Raimo Niskanen raimo@REDACTED
Sat Sep 15 09:55:39 CEST 2001

Vance Shipley wrote:
> The example given in the documentation for init:boot/1
> shows the following example:
>         erl -run foo -run foo bar -run foo bar baz 1 2
>         This starts the Erlang runtime system and then
>         evaluates the following Erlang functions:
>             foo:start()
>             foo:bar()
>             foo:bar([baz, "1", "2"]).
> Fine, but what if I want?:
>                 foo:bar(baz, "1", "2").
> There doesn't seem to be a syntax for that. :(

The possibilities are a bit limited, but the intention is just to be
able to call a tailored function in a module of your own, not to call
any function in any module with any arguments. 

As an exercise to the reader it is quite possible to write a function
my:eval([String]) that parses String and calls any functions with any
	erl -run my eval 'foo:bar(baz, "1", "2"). init:stop().'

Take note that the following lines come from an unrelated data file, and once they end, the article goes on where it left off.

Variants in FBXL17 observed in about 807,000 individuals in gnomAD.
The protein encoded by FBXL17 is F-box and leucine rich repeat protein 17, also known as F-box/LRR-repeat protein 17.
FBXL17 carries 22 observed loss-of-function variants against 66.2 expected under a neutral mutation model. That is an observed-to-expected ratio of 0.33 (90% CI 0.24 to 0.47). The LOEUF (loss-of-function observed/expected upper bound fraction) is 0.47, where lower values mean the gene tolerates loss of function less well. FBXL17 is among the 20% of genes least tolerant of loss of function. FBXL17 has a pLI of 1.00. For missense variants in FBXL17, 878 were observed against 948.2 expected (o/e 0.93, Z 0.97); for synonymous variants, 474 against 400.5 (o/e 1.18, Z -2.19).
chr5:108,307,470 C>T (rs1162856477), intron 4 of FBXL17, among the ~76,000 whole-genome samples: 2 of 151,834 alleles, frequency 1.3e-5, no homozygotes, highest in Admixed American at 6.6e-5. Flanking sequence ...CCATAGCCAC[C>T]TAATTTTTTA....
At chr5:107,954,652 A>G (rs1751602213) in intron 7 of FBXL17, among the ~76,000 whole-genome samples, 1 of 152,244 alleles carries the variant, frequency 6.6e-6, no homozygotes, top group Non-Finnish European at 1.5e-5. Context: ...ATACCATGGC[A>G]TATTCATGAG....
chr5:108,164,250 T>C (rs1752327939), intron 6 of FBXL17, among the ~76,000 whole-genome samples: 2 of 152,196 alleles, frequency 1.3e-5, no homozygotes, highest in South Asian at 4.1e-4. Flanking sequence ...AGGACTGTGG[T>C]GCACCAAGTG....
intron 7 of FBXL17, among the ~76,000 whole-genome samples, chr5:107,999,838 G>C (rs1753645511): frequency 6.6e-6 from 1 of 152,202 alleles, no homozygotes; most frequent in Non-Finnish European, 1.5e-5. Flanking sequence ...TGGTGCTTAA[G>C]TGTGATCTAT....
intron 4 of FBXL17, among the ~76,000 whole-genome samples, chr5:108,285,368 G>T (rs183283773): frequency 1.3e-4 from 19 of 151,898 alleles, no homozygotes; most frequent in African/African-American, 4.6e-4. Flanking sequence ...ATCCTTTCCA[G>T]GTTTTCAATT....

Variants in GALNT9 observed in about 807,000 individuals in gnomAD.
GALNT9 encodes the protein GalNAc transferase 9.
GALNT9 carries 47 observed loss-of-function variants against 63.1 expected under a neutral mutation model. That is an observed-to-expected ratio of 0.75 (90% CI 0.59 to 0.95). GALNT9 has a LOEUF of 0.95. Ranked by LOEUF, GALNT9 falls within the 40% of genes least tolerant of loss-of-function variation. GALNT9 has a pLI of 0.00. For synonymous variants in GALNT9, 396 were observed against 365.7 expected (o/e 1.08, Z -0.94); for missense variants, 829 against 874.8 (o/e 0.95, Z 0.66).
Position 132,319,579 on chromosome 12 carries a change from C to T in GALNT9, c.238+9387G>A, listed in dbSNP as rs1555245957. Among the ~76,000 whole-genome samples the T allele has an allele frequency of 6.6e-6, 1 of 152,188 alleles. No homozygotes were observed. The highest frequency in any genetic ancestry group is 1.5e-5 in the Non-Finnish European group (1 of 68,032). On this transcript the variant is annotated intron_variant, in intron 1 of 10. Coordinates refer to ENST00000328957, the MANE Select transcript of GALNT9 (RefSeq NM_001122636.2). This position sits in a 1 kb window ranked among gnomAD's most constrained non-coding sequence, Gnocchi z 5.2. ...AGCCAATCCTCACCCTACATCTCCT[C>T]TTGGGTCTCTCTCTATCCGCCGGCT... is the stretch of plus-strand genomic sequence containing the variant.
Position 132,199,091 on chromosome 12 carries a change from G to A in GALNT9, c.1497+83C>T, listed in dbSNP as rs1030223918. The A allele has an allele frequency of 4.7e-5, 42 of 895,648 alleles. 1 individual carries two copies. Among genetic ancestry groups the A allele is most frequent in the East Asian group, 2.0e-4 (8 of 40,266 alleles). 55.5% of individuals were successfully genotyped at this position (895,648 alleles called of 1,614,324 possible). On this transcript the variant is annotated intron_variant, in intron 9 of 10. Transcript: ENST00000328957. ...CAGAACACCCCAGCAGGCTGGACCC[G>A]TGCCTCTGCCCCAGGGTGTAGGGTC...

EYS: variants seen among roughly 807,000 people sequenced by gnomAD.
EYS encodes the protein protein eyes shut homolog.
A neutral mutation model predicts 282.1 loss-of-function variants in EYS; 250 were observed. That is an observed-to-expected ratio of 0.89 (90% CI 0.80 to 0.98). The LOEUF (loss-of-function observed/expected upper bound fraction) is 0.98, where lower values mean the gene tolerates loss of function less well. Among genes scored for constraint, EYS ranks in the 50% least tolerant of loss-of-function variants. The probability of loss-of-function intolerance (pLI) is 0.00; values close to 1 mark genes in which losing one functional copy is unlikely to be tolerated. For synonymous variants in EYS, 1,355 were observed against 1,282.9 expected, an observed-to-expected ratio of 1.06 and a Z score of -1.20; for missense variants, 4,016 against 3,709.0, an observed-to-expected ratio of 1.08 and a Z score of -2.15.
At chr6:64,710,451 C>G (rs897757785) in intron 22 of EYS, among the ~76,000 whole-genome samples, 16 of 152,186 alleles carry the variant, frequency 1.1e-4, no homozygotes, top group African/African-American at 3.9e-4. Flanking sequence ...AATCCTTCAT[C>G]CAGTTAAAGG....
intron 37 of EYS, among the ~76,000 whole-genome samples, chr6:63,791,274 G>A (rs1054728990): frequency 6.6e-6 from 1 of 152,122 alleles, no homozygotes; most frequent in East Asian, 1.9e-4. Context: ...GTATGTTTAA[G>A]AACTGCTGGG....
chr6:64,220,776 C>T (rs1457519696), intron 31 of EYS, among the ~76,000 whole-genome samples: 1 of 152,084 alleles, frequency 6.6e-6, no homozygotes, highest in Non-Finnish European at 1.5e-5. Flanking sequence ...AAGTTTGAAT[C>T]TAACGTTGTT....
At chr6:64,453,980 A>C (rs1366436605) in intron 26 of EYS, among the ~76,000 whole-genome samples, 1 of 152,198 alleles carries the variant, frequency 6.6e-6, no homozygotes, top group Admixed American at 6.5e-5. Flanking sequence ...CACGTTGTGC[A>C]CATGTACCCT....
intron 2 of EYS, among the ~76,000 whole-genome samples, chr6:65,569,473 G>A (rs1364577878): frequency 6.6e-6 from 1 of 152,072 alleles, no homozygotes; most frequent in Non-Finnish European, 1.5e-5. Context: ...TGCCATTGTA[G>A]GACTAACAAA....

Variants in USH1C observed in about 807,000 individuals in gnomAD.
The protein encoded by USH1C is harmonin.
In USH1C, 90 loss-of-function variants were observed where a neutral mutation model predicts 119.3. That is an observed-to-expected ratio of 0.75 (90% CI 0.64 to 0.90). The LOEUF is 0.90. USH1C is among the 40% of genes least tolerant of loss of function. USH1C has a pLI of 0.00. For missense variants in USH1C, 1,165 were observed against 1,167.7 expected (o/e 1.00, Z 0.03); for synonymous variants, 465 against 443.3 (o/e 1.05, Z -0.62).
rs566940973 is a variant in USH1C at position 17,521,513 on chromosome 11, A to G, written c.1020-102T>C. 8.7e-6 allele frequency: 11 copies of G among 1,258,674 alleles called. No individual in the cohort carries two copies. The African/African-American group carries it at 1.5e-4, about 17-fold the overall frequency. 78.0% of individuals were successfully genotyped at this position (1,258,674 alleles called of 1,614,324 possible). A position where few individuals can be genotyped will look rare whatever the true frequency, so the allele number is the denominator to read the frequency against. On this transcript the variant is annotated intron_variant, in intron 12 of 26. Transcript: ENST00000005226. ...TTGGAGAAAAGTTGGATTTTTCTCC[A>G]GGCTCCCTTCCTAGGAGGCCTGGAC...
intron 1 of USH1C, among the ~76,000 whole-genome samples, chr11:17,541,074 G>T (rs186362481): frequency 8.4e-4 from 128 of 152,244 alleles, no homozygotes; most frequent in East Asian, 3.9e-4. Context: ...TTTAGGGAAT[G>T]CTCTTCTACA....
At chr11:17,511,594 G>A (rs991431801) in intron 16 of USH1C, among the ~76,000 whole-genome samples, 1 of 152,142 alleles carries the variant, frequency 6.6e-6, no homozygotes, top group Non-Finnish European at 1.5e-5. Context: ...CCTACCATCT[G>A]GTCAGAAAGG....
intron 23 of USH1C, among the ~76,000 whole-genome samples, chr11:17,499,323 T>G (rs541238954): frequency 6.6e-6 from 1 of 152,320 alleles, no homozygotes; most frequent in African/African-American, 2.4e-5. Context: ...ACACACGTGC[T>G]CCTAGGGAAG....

Hint: use erl_scan and erl_parse.

Please note that there seems to be a documentation error here:
	erl -run foo bar baz 1 2
really calls
	foo:bar(["baz", "1", "2"]),
	foo:bar([baz, "1", "2"]).

You can also try the following trick:
	echo "erlang:system_info(system_version). init:stop()." | erl -oldshell
if you are a Unix user. Or from a shell script:
	erl -oldshell <<-EOF

The -oldshell argument gives a shell that does not require a terminal.

Beware of the whitespaces after the dots. They are syntactically

/ Raimo Niskanen, Erlang/OTP, Ericsson UAB.

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